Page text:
12. Richard says:

    Art, yes, that’s it. I’ve seen a few things in record stores that I wanted but passed on, and they never came to light again. I just have to remind myself that I really do have more than I need already.

  13. I’m with John. You’re a lucky guy to have a partner as understanding as Barbara. And Art’s story of Records in Review is all too familiar. When I sold books in the Dealers’ Room at the BOUCHERCON in Toronto, I put up signs that read YOU ALWAYS REGRET THE BOOKS YOU DIDN’T BUY. A number of customers told me my signs haunted them until they came back and bought the book they initially passed on.

  14. Redhead says:

    Beautiful story. I was in a used bookstore as well, earlier today. Having learned from past experiences, I simply grabbed everything I thought I might want, and audited the stack when I got to the counter. Luckily, my store credit covered half of my purchases, so I did really well. This wasn’t the kind of store that has special editions, or sets, or anything like that to tempt me.

    When I’m shopping with my husband at bookstores, if i see him trying to decide if he wants something (he does want it, it’s just really expensive), i make him buy it. Cuz people deserve special treats like that, you know?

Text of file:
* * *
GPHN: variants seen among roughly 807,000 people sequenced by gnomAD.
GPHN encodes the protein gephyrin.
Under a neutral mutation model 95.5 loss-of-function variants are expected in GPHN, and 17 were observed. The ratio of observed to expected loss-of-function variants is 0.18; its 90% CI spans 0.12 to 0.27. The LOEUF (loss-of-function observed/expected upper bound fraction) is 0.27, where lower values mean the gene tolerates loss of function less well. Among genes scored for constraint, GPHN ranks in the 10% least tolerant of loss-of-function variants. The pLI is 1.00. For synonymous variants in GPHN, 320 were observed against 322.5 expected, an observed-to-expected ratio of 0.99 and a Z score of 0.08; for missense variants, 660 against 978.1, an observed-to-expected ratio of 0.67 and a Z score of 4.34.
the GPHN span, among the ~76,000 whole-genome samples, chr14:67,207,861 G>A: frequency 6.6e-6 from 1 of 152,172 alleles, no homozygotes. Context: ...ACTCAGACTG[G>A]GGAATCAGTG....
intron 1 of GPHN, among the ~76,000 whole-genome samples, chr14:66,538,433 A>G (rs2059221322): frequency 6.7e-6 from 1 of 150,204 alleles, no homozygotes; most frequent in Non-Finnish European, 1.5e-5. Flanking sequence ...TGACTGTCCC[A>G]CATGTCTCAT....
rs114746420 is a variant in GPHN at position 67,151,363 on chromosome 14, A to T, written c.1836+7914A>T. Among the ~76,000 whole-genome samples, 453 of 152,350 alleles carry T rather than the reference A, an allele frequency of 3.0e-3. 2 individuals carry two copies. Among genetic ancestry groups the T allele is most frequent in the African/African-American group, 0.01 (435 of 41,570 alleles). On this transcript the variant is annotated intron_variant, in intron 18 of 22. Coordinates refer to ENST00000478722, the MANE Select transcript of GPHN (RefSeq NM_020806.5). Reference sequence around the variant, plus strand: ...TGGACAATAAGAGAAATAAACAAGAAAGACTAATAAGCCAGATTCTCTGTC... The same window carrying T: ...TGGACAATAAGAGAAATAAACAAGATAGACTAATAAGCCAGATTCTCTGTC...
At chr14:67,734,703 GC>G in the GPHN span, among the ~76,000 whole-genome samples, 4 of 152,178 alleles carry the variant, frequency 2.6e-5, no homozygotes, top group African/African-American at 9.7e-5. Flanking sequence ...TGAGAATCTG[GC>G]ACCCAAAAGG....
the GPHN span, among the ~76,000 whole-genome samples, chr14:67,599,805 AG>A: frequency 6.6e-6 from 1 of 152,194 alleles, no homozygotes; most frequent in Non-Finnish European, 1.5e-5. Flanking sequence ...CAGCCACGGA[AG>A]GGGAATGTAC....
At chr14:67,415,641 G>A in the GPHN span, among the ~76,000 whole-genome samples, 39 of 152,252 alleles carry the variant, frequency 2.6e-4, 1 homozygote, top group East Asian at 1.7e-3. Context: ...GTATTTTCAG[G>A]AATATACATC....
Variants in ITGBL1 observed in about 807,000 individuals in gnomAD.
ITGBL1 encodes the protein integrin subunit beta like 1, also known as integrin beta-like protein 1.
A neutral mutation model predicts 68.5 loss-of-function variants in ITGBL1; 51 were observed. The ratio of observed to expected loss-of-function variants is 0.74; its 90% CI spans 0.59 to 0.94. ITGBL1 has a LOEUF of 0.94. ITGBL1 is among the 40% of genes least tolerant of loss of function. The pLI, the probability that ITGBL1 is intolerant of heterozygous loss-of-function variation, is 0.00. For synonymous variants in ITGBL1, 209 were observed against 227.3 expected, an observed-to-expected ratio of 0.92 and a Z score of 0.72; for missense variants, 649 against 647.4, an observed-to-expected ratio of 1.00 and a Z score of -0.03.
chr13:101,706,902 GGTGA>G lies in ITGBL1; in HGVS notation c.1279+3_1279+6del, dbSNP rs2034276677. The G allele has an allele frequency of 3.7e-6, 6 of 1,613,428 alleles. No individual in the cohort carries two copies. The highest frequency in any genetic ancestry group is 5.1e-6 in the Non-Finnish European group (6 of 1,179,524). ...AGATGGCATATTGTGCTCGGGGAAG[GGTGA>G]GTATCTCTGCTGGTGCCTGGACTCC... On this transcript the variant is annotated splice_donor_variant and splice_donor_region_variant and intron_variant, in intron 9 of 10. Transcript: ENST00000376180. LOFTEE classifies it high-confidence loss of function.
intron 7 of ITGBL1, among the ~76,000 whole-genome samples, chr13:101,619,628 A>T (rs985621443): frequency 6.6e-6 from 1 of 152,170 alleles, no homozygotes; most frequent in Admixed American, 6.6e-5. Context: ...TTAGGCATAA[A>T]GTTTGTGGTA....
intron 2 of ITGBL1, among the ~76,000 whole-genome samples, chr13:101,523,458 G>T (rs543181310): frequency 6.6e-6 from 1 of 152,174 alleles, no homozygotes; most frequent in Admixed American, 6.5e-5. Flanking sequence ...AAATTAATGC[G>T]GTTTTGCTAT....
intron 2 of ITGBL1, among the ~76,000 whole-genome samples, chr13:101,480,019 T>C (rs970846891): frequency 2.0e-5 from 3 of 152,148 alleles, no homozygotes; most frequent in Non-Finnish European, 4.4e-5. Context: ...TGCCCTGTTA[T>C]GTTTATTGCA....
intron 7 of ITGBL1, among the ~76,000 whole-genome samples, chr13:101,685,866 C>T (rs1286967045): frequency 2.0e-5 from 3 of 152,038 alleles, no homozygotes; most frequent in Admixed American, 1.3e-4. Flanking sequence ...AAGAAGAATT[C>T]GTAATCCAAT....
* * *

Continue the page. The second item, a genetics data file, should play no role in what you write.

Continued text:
If every bookstore had George Kelley‘s sign of YOU ALWAYS REGRET THE BOOKS YOU DIDN’T BUY, I’d be completely broke.

  15. Evan Lewis says:

    Now that’s a SAD story. I hadn’t heard that sequel to our booklooking trip. Those were at Powell’s on Hawthorne, weren’t they? I’m still confused, though. The books we saw, like those in your photo, had yellow spines, while the ones I had as a kid were blue. And did those books really have dust jackets? I thought the art was simply imprinted on the covers.

  16. Jeff Meyerson says:

    Bummer. Been there, done that.

    We were in England buying books to sell and were up north somewhere in Yorkshire. Of course I was looking for mysteries for resale (and maybe something for me) when I spotted a series of trade paperbacks of the Randolph Churchill/Martin Gilbert “authorized” biography of Winston Churchill in a bookstore’s window. I had read the first four volumes (covering 1874-1922) from the library but here were the six volumes (I’m not sure how many there were in the end but there were six then) all together. I was only looking for book five but…Jackie encouraged me to buy them but I talked myself out of it. I had the car already packed with books, I only wanted that one volume, I’d just pick up the individual volume when we got to London, ….

    Needless to say, I never saw another copy of the book or any of the others and I’m not about to pay the hardback price on ABE, and my library doesn’t have volume 5.

    Ever since then I’ve subscribed to George’s theory. If I see something and want it I buy it, at once.

  17. Ouch. that brought a little pain into my heart. The set that got away. I can empathize entirely.

  18. Richard says: